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The Coworking Effect

14
Oct
2016
Anne-Kathrine Utzon
As companies move away from cubicles and towards cortados, the phenomenon of coworking is changing productivity in the workplace.

Thomas Fokdal

This problem of the human site or living space is not simply that of knowing whether there will be enough space for men in the world, but also that of knowing...what type of storage, circulation, marking, and classification of human elements should be adopted in a given situation in order to achieve a given end. - Michel Foucault, Of Other Spaces

As workplace trends go, coworking is an unusual one. On the face of it, it might appear that it hinges on workers spending less time at their desks in focussed work time - something to which traditionalists will remain staunchly opposed. In action, it has shaped the way that offices look and feel, texturing conventional desk spaces with lounges, espresso bars and beanbags.

 But as Thomas Fokdal, owner of Copenhagen Windows and real estate expert suggests, "coworking is more of a mental concept than an actual physical office solution". It is not just an attempt to make workers feel trendier and more comfortable at work, it has positive and tangible effects on productivity and revenue. 

Coworking, for Fokdal, is a "mode", a way of thinking for office workers which transcends the individuality of cubicle-style offices and stimulates collaboration and the cross-fertilisation of ideas. 

Space and time

The space we find ourselves in makes a real difference to the way in which we perceive new ideas and the pace and attitude that we work in. Space metaphysics, which might seem a world away from the day-to-day humdrum of the office worker, is shaping and moulding working habits and encouraging the coworking "mode" through architecture and interior design.

Part of this collaborative atmosphere has been created by the rise of the internet, argues Fokdal. "An increasing number of companies and organisations no longer limit their innovation within their own walls or to their employees’ aggregate competencies. They open up and involve their users, non-users, customers, suppliers, partners and employees to co-create valuable solutions to their end-users and customers. 

"They are not able to create these solutions on their own. Creation of values has moved from going on inside your company to the outside world of your company in collaboration with a wide range of stakeholders."

"This move towards creative outsourcing and flexible working means that "there is a need for new types of offices, which embraces the current trend within innovation which is largely driven by collaboration and communities in the form of co-living, co-working and co-creating, and where solutions are being developed and created in new shared communities of knowledge, insights and ideas".

Flexible working time

The modern office, then, must reflect the increasing trend brought about by the internet and by new working habits. Workers may prefer to work from home, or while travelling, or from another office and conference-call their way to work. Services likes NOHO, in the Meatpacking District of Copenhagen, allow workers to swap and change their office to suit their needs and lifestyle.

Companies which embrace the effect of the digital world on their working lives will be more adaptable, keep their workers happier, and enhance productivity.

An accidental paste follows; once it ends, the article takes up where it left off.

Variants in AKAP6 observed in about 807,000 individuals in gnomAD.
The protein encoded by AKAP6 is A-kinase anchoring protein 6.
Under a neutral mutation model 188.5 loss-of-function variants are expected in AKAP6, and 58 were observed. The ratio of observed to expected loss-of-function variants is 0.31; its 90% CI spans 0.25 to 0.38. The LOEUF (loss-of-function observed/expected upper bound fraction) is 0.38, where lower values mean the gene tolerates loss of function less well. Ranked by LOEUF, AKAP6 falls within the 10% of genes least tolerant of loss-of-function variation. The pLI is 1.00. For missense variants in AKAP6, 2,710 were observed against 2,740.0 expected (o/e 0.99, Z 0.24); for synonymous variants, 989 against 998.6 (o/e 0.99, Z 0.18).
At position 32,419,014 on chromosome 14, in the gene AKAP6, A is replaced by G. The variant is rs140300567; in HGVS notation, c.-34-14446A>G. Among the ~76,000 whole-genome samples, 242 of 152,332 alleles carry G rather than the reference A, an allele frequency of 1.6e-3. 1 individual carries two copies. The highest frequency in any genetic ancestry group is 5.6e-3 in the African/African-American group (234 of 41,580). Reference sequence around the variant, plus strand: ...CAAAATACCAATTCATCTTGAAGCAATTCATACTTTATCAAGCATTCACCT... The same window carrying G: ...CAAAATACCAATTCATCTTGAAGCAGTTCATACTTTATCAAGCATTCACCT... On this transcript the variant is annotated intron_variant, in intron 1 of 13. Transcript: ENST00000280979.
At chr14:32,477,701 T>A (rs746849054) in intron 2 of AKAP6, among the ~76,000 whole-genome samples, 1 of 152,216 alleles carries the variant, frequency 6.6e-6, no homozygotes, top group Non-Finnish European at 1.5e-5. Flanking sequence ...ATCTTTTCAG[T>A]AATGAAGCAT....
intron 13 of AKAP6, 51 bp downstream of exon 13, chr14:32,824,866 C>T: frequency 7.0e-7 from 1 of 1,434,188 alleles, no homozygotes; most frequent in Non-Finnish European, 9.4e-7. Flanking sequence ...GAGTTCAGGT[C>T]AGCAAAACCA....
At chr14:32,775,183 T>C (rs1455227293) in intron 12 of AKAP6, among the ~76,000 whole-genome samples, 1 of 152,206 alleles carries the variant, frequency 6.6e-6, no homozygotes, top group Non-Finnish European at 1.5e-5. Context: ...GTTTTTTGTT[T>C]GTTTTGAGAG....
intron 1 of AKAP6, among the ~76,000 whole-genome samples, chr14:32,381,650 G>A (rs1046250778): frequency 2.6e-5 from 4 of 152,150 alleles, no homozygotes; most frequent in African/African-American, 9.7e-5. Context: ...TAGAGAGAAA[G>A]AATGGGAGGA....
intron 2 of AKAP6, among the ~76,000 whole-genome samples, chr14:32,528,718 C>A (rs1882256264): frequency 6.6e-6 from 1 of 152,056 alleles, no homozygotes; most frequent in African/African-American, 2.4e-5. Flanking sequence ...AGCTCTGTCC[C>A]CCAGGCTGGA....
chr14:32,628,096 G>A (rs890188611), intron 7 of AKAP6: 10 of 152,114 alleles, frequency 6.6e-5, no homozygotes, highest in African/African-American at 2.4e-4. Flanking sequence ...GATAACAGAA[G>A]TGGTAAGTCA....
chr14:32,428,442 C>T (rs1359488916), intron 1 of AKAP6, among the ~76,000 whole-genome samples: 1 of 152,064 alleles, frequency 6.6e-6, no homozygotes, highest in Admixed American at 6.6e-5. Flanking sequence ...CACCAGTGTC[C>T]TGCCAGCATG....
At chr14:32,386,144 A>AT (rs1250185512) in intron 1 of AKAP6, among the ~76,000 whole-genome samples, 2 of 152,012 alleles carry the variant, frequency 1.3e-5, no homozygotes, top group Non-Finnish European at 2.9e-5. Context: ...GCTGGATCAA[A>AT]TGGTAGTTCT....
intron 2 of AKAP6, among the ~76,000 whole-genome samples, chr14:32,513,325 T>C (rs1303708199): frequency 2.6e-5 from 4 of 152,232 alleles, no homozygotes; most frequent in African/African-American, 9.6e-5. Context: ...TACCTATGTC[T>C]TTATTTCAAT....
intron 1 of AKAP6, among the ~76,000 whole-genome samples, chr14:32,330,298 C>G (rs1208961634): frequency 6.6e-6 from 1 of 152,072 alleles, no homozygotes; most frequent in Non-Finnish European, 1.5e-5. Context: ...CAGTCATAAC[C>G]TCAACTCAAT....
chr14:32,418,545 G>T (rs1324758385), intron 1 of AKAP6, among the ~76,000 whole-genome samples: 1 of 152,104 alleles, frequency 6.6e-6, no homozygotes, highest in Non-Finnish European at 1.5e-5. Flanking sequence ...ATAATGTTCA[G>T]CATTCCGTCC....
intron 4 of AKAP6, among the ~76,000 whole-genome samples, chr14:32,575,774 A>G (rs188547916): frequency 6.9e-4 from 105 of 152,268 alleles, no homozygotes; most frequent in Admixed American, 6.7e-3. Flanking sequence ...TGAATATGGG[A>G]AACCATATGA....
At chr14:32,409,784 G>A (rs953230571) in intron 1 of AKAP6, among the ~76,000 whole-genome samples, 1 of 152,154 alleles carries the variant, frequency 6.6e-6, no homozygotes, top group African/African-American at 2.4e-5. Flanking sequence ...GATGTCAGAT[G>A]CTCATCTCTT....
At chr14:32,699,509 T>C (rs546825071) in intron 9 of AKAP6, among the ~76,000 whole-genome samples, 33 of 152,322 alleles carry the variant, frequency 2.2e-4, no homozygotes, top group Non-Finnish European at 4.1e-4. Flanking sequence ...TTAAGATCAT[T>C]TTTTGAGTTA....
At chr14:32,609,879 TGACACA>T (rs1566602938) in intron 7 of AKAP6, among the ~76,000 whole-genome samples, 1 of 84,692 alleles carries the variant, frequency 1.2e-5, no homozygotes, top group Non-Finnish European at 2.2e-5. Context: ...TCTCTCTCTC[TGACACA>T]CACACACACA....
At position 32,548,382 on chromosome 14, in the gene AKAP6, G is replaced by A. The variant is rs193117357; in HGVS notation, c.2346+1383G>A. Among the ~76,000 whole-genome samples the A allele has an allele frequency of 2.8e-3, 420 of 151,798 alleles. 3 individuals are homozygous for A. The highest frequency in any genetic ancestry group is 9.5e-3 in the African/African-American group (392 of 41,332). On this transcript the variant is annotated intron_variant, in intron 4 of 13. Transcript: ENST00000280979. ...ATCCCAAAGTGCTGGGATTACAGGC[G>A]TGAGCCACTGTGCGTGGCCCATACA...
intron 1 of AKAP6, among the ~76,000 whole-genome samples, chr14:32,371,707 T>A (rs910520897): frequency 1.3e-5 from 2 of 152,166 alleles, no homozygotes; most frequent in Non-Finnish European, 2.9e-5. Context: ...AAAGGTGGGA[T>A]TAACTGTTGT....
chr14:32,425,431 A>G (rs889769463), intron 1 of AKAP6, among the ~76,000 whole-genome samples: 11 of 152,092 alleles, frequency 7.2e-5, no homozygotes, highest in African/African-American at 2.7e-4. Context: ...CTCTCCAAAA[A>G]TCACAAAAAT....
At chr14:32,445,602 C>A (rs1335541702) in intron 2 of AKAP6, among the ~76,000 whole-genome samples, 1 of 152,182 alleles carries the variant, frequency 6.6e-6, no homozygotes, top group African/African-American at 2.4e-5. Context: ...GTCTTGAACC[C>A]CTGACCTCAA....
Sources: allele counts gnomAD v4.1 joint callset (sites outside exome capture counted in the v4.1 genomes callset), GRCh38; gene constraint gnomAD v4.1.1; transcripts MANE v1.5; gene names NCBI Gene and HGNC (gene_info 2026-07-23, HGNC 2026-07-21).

A key part of coworking is the concept of the transfer of ideas between workers, through group brainstorming, networking and collaboration. This can happen more easily when serviced offices provide communal lounges, contemporary meeting spaces and on-site espresso bars and cafés which prevent employees leaving the building at lunchtime and losing the opportunity to develop themselves and their work. 

What's more, where serviced office facilities are shared by more than one company from different sectors, coworking is even more valuable, as new startups swap business tips, creative people share the latest design ideas, and Fintech firms reshape the way we think about money and commerce. 

Productivity and happiness

The benefit for firms for spending capital on the (sometimes expensive) spatial development of a coworking-friendly office is twofold. Firstly, they create what Fokdal calls "knowledge sharing bases", where new solutions to old problems are created through collaboration. 

"Co-working definitely is advantageous for small businesses and small business owners, who because of lack of resources don´t want to run their own office or have all the competencies in-house," he says. 

But more, anecdotal evidence suggests that employees that spend more time sharing problems, working together and using communal space prefer their work, and are happier. Naturally, this ought to be something that is encouraged for the sake of the workers themselves, but it also drives up productivity, making employees more invested in their goals and eager to perform.

Looking ahead

In future, it is likely that coworking will continue to shape the way that employment in the knowledge and service sectors looks and feels. 

"There is no doubt that the growth in the office segment is to be found in various clones of multi-user buildings. Whether it is coworking, a serviced office or something in between. This is where the needs lie in the future. And it will be at the expense of the traditional office solutions", says Thomas Fokdal. 

As the internet continues to shape our lives, employees become more flexible and productivity continues to increase, the successful business will have many fewer cubicles and many more cortados. The trend is unusual, but it is successful, and the smartest of companies will follow it. 

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